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I have simple Spring-Service that (among other tasks) starts a spring batch job with the following code:

private JobRegistry jobRegistry;

private JobLauncher jobLauncher;

public void startMyJob() {
    Job job = jobRegistry.getJob("myJobName");
    JobParameters jobParameters = new JobParametersBuilder().toJobParameters();, jobParameters);

This works fine, as long as there is no transaction active when the Serivce-Method is called. However, with an active transaction, I get this exception:

Caused by: java.lang.IllegalStateException: Existing transaction detected in JobRepository. Please fix this and try again (e.g. remove @Transactional annotations from client).

I cannot easily remove the existing transaction, since it is implied due to some framework code that is not within my reach.

So, how can I start the job anyway within this context? The new job just should not use the existing transaction. It could just start its own transaction - but how to configure it to make it work?

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up vote 2 down vote accepted

Use AbstractJobRepositoryFactoryBean.ValidateTransactionState, but use carefully (Warning: Dragons ahead).

To use another transaction you can inject a custom SimpleJobLauncher.executor with method marked as @Transactional() (or create a custom JobLauncher and do the same trick on method run).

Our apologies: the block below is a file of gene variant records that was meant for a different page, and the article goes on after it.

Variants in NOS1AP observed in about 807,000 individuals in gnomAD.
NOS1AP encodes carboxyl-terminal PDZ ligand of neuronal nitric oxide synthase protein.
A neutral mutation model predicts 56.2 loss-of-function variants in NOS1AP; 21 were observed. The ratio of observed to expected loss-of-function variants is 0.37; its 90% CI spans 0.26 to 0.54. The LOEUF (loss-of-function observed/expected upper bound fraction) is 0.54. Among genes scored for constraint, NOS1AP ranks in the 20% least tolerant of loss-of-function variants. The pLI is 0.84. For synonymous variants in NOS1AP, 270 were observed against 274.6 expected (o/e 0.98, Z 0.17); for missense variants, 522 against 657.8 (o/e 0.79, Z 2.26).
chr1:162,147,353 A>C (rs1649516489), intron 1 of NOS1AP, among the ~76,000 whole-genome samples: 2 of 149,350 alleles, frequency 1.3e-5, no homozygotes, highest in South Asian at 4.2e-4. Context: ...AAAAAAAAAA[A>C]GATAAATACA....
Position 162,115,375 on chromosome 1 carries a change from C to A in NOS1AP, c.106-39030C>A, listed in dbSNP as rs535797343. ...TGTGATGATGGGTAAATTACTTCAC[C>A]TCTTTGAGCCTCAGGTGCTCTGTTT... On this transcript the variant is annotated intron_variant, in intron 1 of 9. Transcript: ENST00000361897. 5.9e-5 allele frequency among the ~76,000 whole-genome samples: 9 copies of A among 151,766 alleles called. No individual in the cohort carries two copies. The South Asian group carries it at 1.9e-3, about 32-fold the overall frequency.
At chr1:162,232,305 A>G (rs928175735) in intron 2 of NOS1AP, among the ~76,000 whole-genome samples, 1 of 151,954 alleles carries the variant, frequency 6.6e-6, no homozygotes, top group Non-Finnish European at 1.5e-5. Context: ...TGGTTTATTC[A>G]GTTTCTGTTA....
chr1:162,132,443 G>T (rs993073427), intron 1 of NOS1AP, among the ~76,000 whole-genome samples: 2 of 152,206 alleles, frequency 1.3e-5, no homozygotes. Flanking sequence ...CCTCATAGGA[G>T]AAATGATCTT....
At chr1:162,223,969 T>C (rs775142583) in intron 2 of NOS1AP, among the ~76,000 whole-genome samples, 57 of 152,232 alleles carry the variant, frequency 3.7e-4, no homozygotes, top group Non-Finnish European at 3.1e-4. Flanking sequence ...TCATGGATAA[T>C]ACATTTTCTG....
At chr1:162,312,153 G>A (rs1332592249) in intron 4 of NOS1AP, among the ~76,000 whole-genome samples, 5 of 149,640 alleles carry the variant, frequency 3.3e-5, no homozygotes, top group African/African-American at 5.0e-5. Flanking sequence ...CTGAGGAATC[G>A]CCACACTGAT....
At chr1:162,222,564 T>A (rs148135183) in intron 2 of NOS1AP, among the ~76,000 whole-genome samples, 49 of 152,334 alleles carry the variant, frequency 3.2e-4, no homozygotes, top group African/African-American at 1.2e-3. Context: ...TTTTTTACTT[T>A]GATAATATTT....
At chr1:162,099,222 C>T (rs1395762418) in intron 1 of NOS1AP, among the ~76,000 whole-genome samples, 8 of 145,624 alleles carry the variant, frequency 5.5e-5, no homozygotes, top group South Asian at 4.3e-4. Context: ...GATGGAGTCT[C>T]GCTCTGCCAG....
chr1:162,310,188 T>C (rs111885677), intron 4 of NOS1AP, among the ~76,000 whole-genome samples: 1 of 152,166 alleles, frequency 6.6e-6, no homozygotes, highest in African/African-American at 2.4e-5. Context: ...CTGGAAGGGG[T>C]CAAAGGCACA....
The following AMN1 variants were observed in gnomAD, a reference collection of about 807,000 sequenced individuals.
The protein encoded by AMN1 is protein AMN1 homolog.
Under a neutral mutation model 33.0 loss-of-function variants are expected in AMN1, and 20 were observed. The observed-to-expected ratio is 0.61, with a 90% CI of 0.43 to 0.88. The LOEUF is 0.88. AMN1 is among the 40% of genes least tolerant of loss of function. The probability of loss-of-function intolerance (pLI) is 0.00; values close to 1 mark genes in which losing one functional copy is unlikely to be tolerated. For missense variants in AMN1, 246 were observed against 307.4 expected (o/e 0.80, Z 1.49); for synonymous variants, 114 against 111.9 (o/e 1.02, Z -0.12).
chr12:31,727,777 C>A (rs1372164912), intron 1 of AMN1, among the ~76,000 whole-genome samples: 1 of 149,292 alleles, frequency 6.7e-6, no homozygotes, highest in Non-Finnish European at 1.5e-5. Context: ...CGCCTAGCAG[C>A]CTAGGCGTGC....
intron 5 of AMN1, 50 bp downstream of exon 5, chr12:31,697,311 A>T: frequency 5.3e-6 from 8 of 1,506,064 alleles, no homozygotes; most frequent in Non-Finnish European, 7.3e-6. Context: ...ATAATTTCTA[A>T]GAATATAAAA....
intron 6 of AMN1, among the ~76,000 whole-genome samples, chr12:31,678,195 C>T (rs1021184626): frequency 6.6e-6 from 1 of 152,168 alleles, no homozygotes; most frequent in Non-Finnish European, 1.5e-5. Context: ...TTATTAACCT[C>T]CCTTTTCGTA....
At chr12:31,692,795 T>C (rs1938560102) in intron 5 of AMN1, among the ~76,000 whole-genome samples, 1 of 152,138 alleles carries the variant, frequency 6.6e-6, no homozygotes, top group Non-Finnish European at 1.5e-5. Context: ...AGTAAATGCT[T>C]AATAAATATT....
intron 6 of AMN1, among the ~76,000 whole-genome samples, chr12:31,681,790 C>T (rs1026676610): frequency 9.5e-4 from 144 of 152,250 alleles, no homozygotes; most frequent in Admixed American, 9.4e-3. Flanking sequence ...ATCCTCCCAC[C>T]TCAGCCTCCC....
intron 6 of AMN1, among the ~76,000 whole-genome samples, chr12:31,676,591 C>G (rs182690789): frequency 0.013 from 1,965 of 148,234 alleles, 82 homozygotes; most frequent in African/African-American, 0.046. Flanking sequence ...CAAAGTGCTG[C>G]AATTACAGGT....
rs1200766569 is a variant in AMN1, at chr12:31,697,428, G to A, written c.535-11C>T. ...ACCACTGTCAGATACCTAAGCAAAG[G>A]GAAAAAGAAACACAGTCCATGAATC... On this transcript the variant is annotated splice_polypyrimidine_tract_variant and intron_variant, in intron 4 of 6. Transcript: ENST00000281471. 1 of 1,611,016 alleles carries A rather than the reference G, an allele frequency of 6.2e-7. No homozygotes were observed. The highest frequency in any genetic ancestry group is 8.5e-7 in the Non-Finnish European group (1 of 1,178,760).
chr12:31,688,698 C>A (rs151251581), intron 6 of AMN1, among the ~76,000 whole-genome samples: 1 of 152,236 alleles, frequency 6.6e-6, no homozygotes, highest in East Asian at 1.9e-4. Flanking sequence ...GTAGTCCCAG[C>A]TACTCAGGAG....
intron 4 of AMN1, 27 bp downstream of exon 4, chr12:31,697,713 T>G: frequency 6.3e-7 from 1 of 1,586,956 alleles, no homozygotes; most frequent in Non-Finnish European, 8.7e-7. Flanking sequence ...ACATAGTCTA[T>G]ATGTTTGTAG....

I haven't tried because I haven't faced the problem, but hope can help.

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Thanks for the answer! Marking the run-Method with (at)Transactional does not solve the problem on its own, because the Validator still finds the existing transaction. I did a combination of both now: mark the run-Method (at)Transactional and disabled the validator - works fine in my dev-environment, although I dont really feel confident about this solution. – Jack Aug 8 '13 at 14:38
Hi @Jack, how do you disable the validator? – ftrujillo Feb 24 '14 at 11:27
Its a property of the JobRepository. When you define the jobRepository Bean, you set the validateTransactionState property to false. – Jack Feb 27 '14 at 10:15

I had a similar problem. In particular, I was starting my jobs from within a class that was annotated with @Transactional(propagation = Propagation.REQUIRES_NEW). To work around this, I started my jobs from a somewhere, where I had no active transaction. Then I ran into your problem as described above - and here is how I solved it:

set validateTransactionStateto false on the JobRepository - it now ignored the transactions that were automatically created in the class my ItemProcessor called (because said class was annotated with @Transcational, as explained above).

This made my jobs run just fine. However, I wasn't sure if I was now dealing with 2 open transactions and wanted to be sure I was not. So I also removed the transcational annnotation on the class level and moved it to all public methods, except the ones called by my Itemprocessor. Thus I solved the issue.

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I've dealt with this by creating a separate bean AsyncJobLauncher which has a run method with the same signature as JobLauncher and delegates to the real one, but marked with Spring's @Async. So, the launching of the job happened in the background on a new thread, so it was in its own transaction.

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